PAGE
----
Insulin resistance frequently occurs in patients with lipid disorders, hypertension and ischaemic heart disease. More than 200 units of insulin daily are usually required in patients with insulin resistance. Greatly increased insulin requirements may be due to factors including antibody formation, infections, endocrine hyperfunctional states (e.g. acromegaly, Cushing's syndrome, thyrotoxicosis) or stress.
Transferring a patient to another type or brand of insulin should be done under strict medical supervision. Changes in strength, brand (manufacturer), type (rapid acting insulin, intermediate acting insulin, long acting insulin etc) species (human insulin analogue, animal), and/or method of manufacture (recombinant DNA versus animal source insulin) may result in the need for a change of dose.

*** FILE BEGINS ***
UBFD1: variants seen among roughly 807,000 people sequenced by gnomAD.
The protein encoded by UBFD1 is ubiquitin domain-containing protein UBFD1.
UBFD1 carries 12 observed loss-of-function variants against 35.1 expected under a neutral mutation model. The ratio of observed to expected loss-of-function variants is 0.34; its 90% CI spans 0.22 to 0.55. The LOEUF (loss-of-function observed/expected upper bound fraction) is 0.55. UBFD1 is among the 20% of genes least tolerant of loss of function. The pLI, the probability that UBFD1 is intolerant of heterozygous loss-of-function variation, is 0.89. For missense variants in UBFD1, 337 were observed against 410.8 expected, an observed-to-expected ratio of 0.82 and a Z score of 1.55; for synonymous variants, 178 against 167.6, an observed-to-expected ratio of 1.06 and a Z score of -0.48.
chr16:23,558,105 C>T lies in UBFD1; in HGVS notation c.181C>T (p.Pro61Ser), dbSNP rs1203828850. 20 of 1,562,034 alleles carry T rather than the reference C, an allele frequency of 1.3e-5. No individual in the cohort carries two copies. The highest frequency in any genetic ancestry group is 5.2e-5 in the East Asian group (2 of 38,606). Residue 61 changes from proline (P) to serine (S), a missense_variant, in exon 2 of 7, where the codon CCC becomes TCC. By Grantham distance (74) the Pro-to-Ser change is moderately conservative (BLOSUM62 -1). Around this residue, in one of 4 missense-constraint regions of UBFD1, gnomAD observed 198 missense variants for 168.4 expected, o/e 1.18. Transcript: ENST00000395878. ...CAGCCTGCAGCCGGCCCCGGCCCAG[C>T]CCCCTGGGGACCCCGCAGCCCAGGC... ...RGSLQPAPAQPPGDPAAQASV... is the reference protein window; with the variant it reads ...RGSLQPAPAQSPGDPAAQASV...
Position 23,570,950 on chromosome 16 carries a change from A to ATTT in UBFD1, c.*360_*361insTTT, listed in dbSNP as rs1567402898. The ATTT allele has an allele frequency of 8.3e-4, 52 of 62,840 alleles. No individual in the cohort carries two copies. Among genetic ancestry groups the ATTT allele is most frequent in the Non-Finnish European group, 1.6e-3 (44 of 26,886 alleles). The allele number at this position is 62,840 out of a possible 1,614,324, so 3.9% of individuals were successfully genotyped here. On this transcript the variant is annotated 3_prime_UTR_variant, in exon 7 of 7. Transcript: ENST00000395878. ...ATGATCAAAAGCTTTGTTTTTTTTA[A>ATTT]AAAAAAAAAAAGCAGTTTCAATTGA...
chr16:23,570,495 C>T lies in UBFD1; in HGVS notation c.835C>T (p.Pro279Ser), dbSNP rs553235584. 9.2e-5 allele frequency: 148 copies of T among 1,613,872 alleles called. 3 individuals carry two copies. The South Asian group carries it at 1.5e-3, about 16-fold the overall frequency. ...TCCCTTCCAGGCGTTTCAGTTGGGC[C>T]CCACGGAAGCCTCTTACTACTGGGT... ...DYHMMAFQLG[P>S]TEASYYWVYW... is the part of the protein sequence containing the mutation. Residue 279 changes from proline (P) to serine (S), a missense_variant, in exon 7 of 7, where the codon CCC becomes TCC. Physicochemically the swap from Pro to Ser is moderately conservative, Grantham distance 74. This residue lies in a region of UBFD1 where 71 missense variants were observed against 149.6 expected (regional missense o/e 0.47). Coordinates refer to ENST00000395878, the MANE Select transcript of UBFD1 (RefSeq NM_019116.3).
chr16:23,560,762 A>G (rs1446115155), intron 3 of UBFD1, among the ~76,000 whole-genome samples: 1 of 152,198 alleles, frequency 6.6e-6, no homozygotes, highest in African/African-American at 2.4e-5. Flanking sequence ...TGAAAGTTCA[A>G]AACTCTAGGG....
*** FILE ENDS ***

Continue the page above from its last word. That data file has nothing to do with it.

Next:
Pregnancy and Lactation
Insulin biphasic isophane human is considered safe for use in pregnancy.
Good metabolic control throughout pregnancy is essential for patients with pre-existing or gestational diabetes. Insulin requirements may decrease during the first trimester of pregnancy and generally increase during the second and third trimesters. Immediately after delivery, insulin requirements decline rapidly and thus careful monitoring of glucose control is essential.
Detailed guidance on the treatment of diabetes during pregnancy is available from the National Institute for Health and Clinical Excellence (NICE) at https://www.nice.org.uk/guidance/ng3 .
Insulin is the treatment of choice for both Type 1 and Type 2 diabetes during pregnancy as it provides better control of maternal blood glucose compared to oral hypoglycaemics. It is believed that human insulin and insulin analogues do not cross the placenta, however there may be endogenous carrier proteins allowing passage of insulin to the embryo during early gestation; animal insulin is believed to cross the human placenta. The foetus produces its own insulin once insulin-secreting cells in the foetal pancreas become differentiated at the end of the first trimester.